140. That’s how many movies are attributed to John Ford over his 50 years in Hollywood. It’s an absurd number, almost impossible to imagine. How does one compare a filmmaker who was prolific to this extreme to someone as stingily unproductive as Terrence Malick? Indeed, and this is the most amazing part, even though most of us has never seen even half of these films (many are lost), what we are left with are at least a few dozen unassailable masterpieces. For a man who was tireless, obviously overworked, tied to a studio system which had him churning out picture after picture at breakneck speed for decades, John Ford managed to compile an unparalleled list of unqualified successes.
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New TV series were hyped at an all time high in 2010, only to see disappointing ratings and early cancellations. As a result, this fall will see more new series debuts than last year. But what will stay and what will get cancelled before Christmas? Looking at a show’s premise and competition, I previously predicted the demises of Running Wilde, Detroit 1-8-7, My Generation, and Outlaw, so let’s see about this year.
(The listings shown are for the Central Standard time zone.)
Calvin Harris’ latest single, “Feel So Close”, is as close to a full-blown dance-rock anthem as you can find, which is why the track has been picking up significant play in the past month. Following “Bounce”, which featured a great guest spot from Kelis, his latest video is more life-affirming than club-jumping, but sets Harris up nicely for his to-be-determined album which is due by the end of the year.
If you were hoping that Noel Gallagher’s split from Oasis would liberate him from the meat-and-potatoes approach to Britpop advocated by little brother Liam, you need to just keep waiting. Though Noel was an Oasis member more prone to experimentation, this new a-side just brings us back to one of the weaker moments on Don’t Believe The Truth—only with a horn section. Recycling is one thing, never finding a natural sense of flow is another. His lament that “it’s a pity that the sunshine is followed by thunder” is offset when you flip the 7” over and hear him admit that “I don’t care for the sunshine.” The up-tempo b-side “The Good Rebel” is supposed to be an update of the Beatles’ single “Rain”, though you’ll probably enjoy the song more if you forget about this little delusion of grandeur. Noel’s choices of a-sides have always been iffy, so the lackluster nature of The Death of You and Me really shouldn’t concern anyone.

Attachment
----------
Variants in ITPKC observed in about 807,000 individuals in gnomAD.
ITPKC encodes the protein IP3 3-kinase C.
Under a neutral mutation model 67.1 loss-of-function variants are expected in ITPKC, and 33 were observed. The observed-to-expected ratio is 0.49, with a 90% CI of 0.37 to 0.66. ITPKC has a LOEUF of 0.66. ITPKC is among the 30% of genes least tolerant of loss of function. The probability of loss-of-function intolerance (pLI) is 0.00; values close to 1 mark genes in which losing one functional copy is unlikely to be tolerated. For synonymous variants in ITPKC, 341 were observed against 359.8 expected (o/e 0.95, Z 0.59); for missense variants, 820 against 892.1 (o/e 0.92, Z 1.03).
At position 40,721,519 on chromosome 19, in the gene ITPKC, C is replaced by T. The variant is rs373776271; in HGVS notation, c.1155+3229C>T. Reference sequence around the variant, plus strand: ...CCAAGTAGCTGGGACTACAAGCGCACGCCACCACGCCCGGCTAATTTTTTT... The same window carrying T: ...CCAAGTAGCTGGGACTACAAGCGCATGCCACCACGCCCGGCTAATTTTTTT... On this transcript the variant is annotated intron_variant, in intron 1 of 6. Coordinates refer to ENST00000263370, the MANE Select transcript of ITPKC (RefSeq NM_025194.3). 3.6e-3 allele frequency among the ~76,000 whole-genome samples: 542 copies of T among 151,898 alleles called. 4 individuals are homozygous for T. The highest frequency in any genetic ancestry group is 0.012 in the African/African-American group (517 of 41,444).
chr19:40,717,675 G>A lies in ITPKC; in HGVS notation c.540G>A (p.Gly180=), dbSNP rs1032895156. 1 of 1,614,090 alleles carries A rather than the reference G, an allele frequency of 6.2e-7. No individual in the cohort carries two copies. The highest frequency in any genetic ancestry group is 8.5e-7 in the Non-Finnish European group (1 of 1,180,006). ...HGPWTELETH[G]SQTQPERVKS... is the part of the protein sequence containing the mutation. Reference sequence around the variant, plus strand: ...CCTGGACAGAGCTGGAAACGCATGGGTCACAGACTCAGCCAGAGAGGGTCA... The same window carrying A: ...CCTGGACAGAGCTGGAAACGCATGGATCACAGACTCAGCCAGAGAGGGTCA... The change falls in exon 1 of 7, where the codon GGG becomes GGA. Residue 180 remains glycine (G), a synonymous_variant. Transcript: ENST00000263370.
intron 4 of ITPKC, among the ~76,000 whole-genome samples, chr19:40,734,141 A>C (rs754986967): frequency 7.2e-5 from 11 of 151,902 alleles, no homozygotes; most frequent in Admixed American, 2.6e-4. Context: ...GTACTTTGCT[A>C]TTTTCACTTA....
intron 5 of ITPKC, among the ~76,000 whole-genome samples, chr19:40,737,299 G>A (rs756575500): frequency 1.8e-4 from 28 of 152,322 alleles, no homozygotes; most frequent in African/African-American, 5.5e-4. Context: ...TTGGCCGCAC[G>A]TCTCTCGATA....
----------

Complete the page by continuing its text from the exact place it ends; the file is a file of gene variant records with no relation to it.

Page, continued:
Jarrod Gorbel found great success with his previous band, the Honorary Title, but he was burned out with the band format, changing line-ups and pressures that made him feel as though he was drifting ever farther away from his musical goals. So, Gorbel wisely chose to get back-to-basics rather than continuing on an unsatisfying career treadmill. Gorbel says, “all of those experiences made me realize how far away I’d gotten from who I really was, as a person and an artist.”
The singer songwriter has thus gone solo on his latest EP, Bruises From Your Bad Dreams, released back in February, creating a batch of tunes that are spare and folky, but eminently rich and satisfying. Of his creative approach, Gorbel says, “I’ve always preferred albums with a lot of atmosphere, where production is rich and layered, but you can still identify what each instrument is doing.” That’s highlighted beautifully on this new video directed by Adam Neustadter of EP song “Miserable Without You”, which is rendered utterly charming through it’s comic art animations. The tune also features Nicole Atkins, in a lively duet.